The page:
This week we published a security alert about two critical vulnerabilities found in Microsoft when the company released its monthly security updates.
The most important story of this week was the one about the Australian Defence Force being hacked and top secret technical information being stolen from an Australian defence contractor.
Here are some of the other cybersecurity stories of the week that you’ll find in this weekly summary:
It seems that the Equifax Saga continues. The company’s website might have been, once again, under the influence of attackers, and redirect users to fake Flash update.
Another big technology company has fallen victim of a data breach and confirmed that left a massive store of private data across four unsecured cloud servers. This lead to exposing highly sensitive passwords and secret decryption keys that could have produce damage for the company and its customers.
This article gives details about five bad cybersecurity habits that could lead to devastating consequences for users.
According to IDC, vendor revenue from sales of infrastructure products for cloud IT, including public and private cloud, grew 25.8% year over year in the second quarter of 2017, reaching $12.3 billion.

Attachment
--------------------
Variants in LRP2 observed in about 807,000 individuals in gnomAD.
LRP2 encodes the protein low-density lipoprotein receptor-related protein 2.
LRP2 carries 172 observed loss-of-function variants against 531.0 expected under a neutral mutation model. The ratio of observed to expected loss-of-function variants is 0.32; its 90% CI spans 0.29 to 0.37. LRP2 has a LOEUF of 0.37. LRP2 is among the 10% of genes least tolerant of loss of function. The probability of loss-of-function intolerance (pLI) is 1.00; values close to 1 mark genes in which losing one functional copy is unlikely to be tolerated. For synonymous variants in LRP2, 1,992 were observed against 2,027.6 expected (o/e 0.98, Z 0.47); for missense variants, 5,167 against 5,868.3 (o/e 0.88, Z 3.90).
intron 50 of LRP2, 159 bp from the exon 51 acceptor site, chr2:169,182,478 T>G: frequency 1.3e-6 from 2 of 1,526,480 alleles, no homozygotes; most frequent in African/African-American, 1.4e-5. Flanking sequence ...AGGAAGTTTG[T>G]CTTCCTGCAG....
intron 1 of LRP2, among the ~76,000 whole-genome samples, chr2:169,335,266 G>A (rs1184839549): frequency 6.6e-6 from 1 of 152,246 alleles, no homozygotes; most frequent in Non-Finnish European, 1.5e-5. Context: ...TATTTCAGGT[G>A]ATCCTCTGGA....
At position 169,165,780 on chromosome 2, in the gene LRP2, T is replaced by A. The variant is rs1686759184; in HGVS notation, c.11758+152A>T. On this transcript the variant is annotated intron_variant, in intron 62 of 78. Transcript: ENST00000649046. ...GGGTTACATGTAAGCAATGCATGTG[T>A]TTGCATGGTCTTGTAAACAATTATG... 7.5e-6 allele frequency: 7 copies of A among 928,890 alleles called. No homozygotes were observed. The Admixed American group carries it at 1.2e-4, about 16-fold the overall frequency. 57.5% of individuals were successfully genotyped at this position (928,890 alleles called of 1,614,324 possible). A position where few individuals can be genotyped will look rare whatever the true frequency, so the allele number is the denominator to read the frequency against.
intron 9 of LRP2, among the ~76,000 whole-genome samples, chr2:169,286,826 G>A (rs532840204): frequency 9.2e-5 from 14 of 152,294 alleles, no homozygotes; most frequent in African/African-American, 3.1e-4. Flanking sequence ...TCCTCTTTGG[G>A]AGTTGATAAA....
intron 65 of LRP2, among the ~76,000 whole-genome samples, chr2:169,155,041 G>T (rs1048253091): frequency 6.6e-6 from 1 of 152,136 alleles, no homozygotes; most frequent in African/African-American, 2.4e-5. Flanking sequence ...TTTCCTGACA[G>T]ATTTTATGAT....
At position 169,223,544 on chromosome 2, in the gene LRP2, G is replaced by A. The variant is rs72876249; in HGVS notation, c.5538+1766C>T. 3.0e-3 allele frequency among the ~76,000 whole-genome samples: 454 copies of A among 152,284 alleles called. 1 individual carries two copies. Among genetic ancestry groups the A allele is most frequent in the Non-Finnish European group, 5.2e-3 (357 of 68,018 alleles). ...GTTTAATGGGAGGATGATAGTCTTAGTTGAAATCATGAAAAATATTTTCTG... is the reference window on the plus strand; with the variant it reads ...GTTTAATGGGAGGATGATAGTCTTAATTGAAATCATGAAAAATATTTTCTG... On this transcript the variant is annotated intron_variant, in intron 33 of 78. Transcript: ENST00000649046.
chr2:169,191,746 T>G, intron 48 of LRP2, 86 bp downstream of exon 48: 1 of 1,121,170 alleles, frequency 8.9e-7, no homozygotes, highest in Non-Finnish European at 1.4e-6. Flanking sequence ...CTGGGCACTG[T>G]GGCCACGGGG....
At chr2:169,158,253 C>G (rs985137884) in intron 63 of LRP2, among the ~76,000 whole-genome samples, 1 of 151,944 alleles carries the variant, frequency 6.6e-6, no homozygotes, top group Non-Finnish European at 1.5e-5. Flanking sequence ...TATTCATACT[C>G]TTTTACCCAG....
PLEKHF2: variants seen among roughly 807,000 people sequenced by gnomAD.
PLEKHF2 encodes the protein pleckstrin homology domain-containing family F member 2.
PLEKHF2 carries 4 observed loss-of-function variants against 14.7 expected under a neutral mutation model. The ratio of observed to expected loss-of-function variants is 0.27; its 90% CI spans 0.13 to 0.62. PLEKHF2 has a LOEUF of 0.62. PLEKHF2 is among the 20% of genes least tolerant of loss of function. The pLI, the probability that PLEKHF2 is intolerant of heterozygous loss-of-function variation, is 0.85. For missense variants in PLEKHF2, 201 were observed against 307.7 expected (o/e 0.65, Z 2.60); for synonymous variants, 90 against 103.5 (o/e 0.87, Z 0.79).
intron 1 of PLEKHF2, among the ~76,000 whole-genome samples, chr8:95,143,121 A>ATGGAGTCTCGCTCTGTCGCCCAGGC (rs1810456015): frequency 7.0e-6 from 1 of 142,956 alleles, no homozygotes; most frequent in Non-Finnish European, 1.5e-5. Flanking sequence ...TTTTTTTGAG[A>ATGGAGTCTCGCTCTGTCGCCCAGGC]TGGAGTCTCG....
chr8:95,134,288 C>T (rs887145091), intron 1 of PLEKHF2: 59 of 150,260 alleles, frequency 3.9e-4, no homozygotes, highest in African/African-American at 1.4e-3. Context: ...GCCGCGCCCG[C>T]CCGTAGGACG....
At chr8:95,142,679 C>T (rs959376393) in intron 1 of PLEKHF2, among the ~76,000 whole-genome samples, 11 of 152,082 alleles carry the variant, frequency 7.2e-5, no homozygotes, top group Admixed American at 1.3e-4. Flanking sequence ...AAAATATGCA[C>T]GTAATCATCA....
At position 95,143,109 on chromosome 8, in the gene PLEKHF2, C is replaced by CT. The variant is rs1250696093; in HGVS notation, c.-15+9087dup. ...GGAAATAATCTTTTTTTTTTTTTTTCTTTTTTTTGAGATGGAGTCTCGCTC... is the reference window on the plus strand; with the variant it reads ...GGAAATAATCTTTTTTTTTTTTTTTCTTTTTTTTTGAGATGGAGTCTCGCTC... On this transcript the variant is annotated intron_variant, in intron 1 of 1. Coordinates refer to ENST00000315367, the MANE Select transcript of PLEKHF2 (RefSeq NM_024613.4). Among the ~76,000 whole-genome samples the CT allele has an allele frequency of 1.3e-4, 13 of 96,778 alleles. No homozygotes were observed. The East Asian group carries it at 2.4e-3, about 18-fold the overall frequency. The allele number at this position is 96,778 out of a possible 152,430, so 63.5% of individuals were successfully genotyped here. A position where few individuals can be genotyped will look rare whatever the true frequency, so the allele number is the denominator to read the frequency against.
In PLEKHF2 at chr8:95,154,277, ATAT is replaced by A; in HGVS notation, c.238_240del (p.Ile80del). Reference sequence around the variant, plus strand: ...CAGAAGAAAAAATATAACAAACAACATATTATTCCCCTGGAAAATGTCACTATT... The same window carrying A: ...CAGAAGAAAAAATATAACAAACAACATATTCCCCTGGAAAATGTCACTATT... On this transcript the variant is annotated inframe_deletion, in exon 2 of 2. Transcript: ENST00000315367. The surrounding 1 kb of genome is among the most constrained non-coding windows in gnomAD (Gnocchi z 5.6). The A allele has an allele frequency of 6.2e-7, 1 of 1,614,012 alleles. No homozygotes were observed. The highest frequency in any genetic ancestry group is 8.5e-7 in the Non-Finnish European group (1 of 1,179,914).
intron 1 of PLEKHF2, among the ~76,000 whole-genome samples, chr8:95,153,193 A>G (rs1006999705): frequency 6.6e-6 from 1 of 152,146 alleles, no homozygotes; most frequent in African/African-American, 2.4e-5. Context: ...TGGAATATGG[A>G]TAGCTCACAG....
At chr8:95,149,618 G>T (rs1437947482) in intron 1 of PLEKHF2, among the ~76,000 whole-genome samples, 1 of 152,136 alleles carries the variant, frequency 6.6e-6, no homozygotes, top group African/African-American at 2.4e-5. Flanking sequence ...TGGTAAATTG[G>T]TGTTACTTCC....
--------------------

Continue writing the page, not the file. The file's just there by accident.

Felix Krause revealed a method for phishing Apple ID passwords on iOS that would be quite indistinguishable from a real iOS password request. Following this example, Malwarebytes talks about this tactic used in the Apple ecosystem and how this affects users’ privacy.
Malware authors don’t necessarily need to trick users to enable macros to run malicious code. An alternative method exists, one that takes advantage of another legitimate Office feature called Microsoft Dynamic Data Exchange (DDE). It allows an Office application to load data from other Office applications.
For the second time since 2015, Hyatt Hotels has suffered a breach of customers’ payment card data due to attackers infecting its systems with malware.
TOP secret technical information about new fighter jets, navy vessels, and surveillance aircraft has been stolen from an Australian defence contractor. According to an investigation made by Australian Signals Directorate (ASD), it seems that the company had not changed its default passwords on its internet facing services. They used basic (and too simple passwords): admin password was ‘admin’ and the guest password was ‘guest’.
DDoS attacks on two separate days have brought down several IT systems employed by Sweden’s transport agencies, causing train delays in some cases.
This new Android ransomware is based on the foundations of a particular banking Trojan, known for misusing accessibility services of the Android operating system. Known as DoubleLocker doesn’t have the functions related to harvesting users’ banking credentials and wiping out their accounts.